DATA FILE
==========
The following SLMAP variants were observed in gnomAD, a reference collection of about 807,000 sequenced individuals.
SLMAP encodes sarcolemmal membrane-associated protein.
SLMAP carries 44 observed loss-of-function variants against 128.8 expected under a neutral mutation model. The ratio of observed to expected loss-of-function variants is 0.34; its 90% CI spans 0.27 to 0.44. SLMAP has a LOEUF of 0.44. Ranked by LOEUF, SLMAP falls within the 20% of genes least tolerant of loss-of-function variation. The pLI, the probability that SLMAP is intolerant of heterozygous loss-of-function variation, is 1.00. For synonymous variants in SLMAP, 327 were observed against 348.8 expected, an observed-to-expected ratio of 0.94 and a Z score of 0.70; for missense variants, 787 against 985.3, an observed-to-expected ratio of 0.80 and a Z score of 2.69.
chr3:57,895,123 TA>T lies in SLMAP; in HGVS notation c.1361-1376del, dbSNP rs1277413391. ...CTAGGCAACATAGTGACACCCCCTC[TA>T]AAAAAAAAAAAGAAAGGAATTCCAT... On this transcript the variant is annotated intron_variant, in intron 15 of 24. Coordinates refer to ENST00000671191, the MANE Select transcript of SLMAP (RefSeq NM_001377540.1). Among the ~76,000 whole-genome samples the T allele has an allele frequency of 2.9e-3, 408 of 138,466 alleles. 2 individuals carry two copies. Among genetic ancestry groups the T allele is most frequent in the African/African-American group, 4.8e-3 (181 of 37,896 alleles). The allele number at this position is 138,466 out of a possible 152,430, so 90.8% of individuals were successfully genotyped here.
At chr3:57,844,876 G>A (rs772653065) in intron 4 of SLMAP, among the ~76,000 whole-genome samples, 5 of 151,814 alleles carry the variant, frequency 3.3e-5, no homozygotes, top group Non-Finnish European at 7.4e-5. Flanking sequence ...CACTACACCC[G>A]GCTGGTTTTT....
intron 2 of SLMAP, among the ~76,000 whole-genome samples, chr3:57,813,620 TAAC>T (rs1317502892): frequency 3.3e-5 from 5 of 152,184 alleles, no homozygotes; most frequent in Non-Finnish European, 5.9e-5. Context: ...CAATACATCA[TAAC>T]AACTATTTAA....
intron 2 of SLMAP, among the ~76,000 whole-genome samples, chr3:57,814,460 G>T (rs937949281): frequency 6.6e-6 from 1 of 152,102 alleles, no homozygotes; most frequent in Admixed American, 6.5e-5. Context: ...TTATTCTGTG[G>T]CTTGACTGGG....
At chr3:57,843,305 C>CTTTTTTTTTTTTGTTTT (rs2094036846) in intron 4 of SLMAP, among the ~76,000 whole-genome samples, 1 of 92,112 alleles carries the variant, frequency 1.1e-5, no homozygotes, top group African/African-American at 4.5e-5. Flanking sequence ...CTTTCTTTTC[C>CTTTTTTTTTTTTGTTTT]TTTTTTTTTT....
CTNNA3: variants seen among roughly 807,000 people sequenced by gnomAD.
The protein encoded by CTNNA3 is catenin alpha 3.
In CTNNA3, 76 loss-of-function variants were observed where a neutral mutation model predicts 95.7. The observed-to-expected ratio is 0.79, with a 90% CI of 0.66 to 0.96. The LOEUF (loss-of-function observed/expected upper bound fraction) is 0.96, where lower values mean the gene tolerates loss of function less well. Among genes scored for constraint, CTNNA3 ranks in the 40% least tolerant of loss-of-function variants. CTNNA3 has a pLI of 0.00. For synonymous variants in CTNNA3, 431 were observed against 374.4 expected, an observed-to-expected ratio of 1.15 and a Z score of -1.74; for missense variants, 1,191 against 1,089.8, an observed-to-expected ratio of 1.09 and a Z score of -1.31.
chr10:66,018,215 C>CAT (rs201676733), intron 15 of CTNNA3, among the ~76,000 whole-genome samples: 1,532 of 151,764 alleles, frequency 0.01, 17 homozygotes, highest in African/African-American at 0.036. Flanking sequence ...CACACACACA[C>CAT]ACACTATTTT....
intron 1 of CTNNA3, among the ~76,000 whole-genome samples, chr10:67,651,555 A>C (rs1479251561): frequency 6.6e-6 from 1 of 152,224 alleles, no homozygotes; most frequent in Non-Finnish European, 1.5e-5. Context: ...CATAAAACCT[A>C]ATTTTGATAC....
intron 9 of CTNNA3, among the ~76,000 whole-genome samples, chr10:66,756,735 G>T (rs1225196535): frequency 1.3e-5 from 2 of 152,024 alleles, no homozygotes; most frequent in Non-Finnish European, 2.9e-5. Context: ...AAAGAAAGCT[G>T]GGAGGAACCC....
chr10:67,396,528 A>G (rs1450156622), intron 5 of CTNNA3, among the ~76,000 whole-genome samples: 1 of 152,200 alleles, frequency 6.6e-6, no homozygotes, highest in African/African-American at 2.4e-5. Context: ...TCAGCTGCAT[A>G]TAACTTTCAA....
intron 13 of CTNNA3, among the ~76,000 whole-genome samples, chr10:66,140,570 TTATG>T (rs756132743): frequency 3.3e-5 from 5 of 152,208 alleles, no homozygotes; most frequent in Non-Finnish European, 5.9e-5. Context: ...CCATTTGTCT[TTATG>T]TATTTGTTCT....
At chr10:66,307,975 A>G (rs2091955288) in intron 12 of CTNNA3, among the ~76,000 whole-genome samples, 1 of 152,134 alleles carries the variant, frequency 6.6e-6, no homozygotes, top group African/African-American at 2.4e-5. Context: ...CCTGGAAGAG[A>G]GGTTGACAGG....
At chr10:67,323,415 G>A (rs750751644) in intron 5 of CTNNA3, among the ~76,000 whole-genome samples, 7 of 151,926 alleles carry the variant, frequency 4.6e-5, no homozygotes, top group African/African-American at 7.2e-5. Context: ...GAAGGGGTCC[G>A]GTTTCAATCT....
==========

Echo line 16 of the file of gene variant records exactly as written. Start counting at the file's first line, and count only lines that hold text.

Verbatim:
intron 13 of CTNNA3, among the ~76,000 whole-genome samples, chr10:66,140,570 TTATG>T (rs756132743): frequency 3.3e-5 from 5 of 152,208 alleles, no homozygotes; most frequent in Non-Finnish European, 5.9e-5. Context: ...CCATTTGTCT[TTATG>T]TATTTGTTCT....